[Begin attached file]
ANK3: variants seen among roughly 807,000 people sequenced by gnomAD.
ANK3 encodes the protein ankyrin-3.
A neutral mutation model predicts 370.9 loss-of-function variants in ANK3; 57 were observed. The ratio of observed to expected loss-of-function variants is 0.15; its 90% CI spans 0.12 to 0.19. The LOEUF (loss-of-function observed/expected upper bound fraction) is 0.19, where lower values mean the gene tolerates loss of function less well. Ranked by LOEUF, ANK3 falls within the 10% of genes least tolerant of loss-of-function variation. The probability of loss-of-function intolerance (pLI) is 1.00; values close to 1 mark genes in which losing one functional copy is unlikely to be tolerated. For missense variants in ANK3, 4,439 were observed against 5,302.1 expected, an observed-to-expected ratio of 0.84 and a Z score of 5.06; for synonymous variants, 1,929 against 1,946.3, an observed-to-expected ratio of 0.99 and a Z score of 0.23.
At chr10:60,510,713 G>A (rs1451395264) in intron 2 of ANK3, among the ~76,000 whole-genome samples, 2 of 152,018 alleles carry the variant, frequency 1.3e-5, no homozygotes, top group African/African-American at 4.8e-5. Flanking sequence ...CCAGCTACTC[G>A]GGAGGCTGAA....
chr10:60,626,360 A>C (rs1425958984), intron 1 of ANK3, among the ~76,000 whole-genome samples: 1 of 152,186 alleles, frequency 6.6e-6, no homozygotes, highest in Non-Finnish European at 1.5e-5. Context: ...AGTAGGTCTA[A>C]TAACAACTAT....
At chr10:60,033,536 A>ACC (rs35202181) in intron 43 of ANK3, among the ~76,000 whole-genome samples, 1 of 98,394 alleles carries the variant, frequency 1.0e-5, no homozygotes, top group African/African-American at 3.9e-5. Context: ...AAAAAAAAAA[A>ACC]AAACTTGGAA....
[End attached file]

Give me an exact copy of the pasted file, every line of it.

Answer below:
ANK3: variants seen among roughly 807,000 people sequenced by gnomAD.
ANK3 encodes the protein ankyrin-3.
A neutral mutation model predicts 370.9 loss-of-function variants in ANK3; 57 were observed. The ratio of observed to expected loss-of-function variants is 0.15; its 90% CI spans 0.12 to 0.19. The LOEUF (loss-of-function observed/expected upper bound fraction) is 0.19, where lower values mean the gene tolerates loss of function less well. Ranked by LOEUF, ANK3 falls within the 10% of genes least tolerant of loss-of-function variation. The probability of loss-of-function intolerance (pLI) is 1.00; values close to 1 mark genes in which losing one functional copy is unlikely to be tolerated. For missense variants in ANK3, 4,439 were observed against 5,302.1 expected, an observed-to-expected ratio of 0.84 and a Z score of 5.06; for synonymous variants, 1,929 against 1,946.3, an observed-to-expected ratio of 0.99 and a Z score of 0.23.
At chr10:60,510,713 G>A (rs1451395264) in intron 2 of ANK3, among the ~76,000 whole-genome samples, 2 of 152,018 alleles carry the variant, frequency 1.3e-5, no homozygotes, top group African/African-American at 4.8e-5. Flanking sequence ...CCAGCTACTC[G>A]GGAGGCTGAA....
chr10:60,626,360 A>C (rs1425958984), intron 1 of ANK3, among the ~76,000 whole-genome samples: 1 of 152,186 alleles, frequency 6.6e-6, no homozygotes, highest in Non-Finnish European at 1.5e-5. Context: ...AGTAGGTCTA[A>C]TAACAACTAT....
At chr10:60,033,536 A>ACC (rs35202181) in intron 43 of ANK3, among the ~76,000 whole-genome samples, 1 of 98,394 alleles carries the variant, frequency 1.0e-5, no homozygotes, top group African/African-American at 3.9e-5. Context: ...AAAAAAAAAA[A>ACC]AAACTTGGAA....